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Harnessing Regret

Abby's Corner

By Abigail Thomas

When I heard that The Bucket was going to be focusing on death-bed regrets and how to avoid them, I pounced. There’s no other word for it. I began writing immediately. I would wake up at three in the morning, get out of bed and write. It was a little strange to be so rabidly and rapidly drawn in, although it was probably the word deathbed that grabbed me.  I’m 82. That, and regret. I have some experience with regret. 

At my age, there’s not much future left, but I have an awful lot of past. I think of it as compost, layers and layers of compost, a metaphor I am proud of because that’s exactly what it is. I began to list some of what simmers in my compost, scraps of pain, shrieks of laughter, moments of deep pleasure, terror, sorrow, grief, a lone feather that drifted past my window three years ago, rain, guilt, and oh god words, so many words spoken or whispered or shouted, written, read, memorized, everything bundled together willy-nilly with George Herbert’s “Love Bade Me Welcome,” a poem I can’t recite without bursting into tears. The trouble was that no matter what I included, it felt as if I was leaving everything out, so I decided to stick with the feather. I still prefer calling it compost,  because I’ve been plundering that fertile mess for years,  but when I’m dead it might as well have been just that one feather. 

What is regret? I think of regret as what guilt turns into when it grows up. Or when we do.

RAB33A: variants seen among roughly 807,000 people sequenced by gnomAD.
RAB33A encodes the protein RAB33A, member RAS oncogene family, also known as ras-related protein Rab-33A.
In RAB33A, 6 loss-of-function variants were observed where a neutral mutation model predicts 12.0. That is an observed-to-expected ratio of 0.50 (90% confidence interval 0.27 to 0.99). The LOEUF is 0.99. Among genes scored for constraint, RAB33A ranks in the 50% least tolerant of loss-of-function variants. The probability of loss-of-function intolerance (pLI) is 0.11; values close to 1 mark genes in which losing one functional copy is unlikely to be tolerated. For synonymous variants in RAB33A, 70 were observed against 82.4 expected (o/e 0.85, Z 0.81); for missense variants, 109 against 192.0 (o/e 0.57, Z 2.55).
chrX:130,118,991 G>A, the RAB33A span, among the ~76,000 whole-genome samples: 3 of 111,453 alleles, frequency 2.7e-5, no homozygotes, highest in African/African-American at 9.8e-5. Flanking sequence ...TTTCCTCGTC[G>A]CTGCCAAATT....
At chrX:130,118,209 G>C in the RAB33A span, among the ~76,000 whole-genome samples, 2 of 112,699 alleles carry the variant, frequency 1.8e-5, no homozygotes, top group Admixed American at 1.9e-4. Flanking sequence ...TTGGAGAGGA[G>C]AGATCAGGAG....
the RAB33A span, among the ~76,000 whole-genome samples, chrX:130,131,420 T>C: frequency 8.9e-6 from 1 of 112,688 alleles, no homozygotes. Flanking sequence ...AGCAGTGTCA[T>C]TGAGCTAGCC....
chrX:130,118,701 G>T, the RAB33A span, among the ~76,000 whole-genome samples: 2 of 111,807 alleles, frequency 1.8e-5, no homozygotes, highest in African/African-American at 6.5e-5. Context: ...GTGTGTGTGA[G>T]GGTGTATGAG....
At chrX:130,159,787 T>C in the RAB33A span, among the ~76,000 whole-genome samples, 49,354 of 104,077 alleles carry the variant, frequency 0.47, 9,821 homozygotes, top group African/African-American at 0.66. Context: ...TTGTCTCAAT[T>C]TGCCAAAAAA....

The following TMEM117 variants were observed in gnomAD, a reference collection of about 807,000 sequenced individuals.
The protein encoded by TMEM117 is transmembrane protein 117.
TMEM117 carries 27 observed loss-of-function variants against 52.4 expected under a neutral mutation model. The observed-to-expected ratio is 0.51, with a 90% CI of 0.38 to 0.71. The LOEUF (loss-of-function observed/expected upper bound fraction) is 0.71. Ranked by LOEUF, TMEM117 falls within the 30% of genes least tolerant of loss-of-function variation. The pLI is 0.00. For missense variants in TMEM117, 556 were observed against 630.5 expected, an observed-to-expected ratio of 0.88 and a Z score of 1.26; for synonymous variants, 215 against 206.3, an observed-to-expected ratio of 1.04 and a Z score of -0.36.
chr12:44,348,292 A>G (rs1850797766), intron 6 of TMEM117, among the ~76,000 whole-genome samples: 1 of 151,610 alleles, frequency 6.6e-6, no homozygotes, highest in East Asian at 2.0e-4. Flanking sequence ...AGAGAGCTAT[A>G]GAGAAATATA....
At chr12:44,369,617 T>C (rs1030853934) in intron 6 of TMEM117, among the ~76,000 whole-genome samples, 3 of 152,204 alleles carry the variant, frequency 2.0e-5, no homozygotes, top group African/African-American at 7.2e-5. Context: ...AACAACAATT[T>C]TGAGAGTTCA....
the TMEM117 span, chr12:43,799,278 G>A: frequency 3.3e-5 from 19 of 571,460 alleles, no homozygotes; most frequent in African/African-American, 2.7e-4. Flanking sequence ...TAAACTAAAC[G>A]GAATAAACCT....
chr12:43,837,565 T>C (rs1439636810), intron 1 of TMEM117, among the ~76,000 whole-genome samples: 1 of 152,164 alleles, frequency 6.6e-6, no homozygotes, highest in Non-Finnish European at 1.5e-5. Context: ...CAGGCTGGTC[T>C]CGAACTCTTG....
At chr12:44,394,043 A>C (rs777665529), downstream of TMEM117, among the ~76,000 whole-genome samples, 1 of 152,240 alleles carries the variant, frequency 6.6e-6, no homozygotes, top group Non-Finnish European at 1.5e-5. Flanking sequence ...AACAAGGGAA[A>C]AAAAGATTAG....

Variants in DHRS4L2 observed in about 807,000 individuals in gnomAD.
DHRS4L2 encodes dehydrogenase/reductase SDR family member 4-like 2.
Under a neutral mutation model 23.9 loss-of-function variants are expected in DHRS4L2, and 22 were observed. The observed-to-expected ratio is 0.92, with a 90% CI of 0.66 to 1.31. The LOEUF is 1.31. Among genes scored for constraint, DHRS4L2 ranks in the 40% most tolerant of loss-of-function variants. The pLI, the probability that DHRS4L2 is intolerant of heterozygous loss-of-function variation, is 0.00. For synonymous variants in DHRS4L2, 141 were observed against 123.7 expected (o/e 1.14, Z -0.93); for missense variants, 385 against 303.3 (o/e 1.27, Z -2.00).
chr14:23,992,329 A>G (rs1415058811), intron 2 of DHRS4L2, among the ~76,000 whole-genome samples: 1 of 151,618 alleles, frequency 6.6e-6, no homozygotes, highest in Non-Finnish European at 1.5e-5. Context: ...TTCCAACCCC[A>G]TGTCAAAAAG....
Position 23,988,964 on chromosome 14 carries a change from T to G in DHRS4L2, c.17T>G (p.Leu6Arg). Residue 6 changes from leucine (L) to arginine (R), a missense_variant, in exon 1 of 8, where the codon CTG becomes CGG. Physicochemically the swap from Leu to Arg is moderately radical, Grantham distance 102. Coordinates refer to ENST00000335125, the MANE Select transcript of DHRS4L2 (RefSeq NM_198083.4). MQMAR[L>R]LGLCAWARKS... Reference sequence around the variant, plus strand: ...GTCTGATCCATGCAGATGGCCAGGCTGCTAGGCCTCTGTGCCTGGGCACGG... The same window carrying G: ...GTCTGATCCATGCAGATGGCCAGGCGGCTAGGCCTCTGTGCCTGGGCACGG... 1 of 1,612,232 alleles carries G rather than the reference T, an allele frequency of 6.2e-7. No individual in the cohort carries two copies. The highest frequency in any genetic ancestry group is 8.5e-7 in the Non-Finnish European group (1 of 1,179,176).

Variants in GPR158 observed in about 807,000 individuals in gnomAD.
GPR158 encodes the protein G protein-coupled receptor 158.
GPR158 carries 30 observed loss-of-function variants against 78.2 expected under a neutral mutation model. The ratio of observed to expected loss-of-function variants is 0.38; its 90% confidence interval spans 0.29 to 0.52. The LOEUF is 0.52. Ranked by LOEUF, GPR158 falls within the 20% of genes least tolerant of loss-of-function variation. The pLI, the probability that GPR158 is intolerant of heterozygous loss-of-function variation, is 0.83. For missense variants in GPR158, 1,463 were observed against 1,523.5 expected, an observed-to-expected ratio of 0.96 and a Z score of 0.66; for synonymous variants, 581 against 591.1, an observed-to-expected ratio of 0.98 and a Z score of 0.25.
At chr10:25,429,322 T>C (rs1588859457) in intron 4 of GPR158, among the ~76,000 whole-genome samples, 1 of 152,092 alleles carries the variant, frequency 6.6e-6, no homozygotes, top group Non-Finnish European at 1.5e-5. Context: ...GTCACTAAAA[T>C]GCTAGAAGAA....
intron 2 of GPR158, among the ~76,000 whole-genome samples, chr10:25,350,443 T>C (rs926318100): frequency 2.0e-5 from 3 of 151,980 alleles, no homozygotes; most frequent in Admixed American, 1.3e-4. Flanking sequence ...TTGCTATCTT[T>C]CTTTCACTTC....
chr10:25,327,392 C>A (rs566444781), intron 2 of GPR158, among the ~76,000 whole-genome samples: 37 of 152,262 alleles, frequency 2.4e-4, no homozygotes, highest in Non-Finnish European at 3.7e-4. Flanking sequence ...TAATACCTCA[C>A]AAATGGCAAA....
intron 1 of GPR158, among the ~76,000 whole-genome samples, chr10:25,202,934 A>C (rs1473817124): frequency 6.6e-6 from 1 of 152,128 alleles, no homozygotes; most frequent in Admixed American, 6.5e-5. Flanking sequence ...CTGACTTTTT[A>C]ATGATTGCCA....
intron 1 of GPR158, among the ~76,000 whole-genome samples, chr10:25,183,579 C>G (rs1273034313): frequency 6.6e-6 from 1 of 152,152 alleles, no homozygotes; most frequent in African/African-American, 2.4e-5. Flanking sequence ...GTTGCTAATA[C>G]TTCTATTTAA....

So after the poorly improvised list of what my past consists of, I wrote “and a lot of regret.” One lone feather and a lot of regret.  What is regret? I think of regret as what guilt turns into when it grows up. Or when we do. Guilt is useful when we’re young, the discomfort of guilt illuminates how preferable it is to be kind and thoughtful rather than mean and careless, but guilt is often accompanied by shame, and that combination had a tendency to freeze me in its headlights, a kind of narcissistic paralysis where it was all about me, and I had no idea what to do to make anything or anyone better. A shotgun wedding at 18,  four children, two divorces. I was guilty of something or everything all the time.

Years passed. I began to grow up. The tiny perimeter in which I had tried to live my life had all but disappeared, and maybe forgiveness seeped under the door, or grace through the open windows, I don’t know, but gradually the guilt that had crippled me turned into regret. Regret does not cripple, it allows you, no, it urges you to engage and apologize if that’s what’s called for, or simply be of use to those who matter most—sometimes with words, sometimes with actions, often with laughter. I never want to outgrow regret. It’s part of being human, and in a funny way, it rounds out a life. I have learned to live with it. I am grateful for it.  Regret can hang out around my deathbed anytime.


About the Writer

Abigail Thomas has four children and twelve grandchildren. She was asked to leave Bryn Mawr in her freshman year because she was pregnant. She never looked back. She has published three works of fiction, Getting Over Tom; An Actual Life; and Herbs Pajamas. Her memoirs include Safekeeping; A Three Dog Life; and What Comes Next and How to Like It. She lives in Woodstock NY with her two dogs.


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